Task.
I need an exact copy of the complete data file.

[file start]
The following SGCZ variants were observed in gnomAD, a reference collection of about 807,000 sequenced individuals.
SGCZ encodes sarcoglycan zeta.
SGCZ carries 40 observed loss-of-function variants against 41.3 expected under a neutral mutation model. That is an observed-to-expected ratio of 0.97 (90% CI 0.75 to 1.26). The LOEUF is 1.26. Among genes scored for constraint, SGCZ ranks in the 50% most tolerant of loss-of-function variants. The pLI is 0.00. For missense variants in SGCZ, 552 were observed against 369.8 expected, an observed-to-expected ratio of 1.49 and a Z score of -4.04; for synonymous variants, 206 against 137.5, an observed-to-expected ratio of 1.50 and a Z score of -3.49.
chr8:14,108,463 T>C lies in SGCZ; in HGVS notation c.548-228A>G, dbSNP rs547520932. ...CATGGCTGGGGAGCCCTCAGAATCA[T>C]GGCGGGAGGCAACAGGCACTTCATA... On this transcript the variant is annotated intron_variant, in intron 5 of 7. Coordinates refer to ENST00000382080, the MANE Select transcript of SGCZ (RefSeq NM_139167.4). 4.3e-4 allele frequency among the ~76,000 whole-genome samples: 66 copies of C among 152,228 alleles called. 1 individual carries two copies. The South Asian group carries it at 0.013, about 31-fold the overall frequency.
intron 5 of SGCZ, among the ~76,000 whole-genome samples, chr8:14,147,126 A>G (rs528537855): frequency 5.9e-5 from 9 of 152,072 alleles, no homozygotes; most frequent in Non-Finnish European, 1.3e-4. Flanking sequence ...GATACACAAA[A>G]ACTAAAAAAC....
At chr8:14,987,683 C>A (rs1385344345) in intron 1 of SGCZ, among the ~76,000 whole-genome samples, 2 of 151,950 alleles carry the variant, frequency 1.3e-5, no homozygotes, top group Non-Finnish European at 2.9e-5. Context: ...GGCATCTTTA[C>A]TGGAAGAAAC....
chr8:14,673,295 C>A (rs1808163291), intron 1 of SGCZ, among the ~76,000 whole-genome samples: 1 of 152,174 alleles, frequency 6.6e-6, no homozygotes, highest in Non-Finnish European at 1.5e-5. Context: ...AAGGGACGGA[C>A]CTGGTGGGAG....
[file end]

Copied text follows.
The following SGCZ variants were observed in gnomAD, a reference collection of about 807,000 sequenced individuals.
SGCZ encodes sarcoglycan zeta.
SGCZ carries 40 observed loss-of-function variants against 41.3 expected under a neutral mutation model. That is an observed-to-expected ratio of 0.97 (90% CI 0.75 to 1.26). The LOEUF is 1.26. Among genes scored for constraint, SGCZ ranks in the 50% most tolerant of loss-of-function variants. The pLI is 0.00. For missense variants in SGCZ, 552 were observed against 369.8 expected, an observed-to-expected ratio of 1.49 and a Z score of -4.04; for synonymous variants, 206 against 137.5, an observed-to-expected ratio of 1.50 and a Z score of -3.49.
chr8:14,108,463 T>C lies in SGCZ; in HGVS notation c.548-228A>G, dbSNP rs547520932. ...CATGGCTGGGGAGCCCTCAGAATCA[T>C]GGCGGGAGGCAACAGGCACTTCATA... On this transcript the variant is annotated intron_variant, in intron 5 of 7. Coordinates refer to ENST00000382080, the MANE Select transcript of SGCZ (RefSeq NM_139167.4). 4.3e-4 allele frequency among the ~76,000 whole-genome samples: 66 copies of C among 152,228 alleles called. 1 individual carries two copies. The South Asian group carries it at 0.013, about 31-fold the overall frequency.
intron 5 of SGCZ, among the ~76,000 whole-genome samples, chr8:14,147,126 A>G (rs528537855): frequency 5.9e-5 from 9 of 152,072 alleles, no homozygotes; most frequent in Non-Finnish European, 1.3e-4. Flanking sequence ...GATACACAAA[A>G]ACTAAAAAAC....
At chr8:14,987,683 C>A (rs1385344345) in intron 1 of SGCZ, among the ~76,000 whole-genome samples, 2 of 151,950 alleles carry the variant, frequency 1.3e-5, no homozygotes, top group Non-Finnish European at 2.9e-5. Context: ...GGCATCTTTA[C>A]TGGAAGAAAC....
chr8:14,673,295 C>A (rs1808163291), intron 1 of SGCZ, among the ~76,000 whole-genome samples: 1 of 152,174 alleles, frequency 6.6e-6, no homozygotes, highest in Non-Finnish European at 1.5e-5. Context: ...AAGGGACGGA[C>A]CTGGTGGGAG....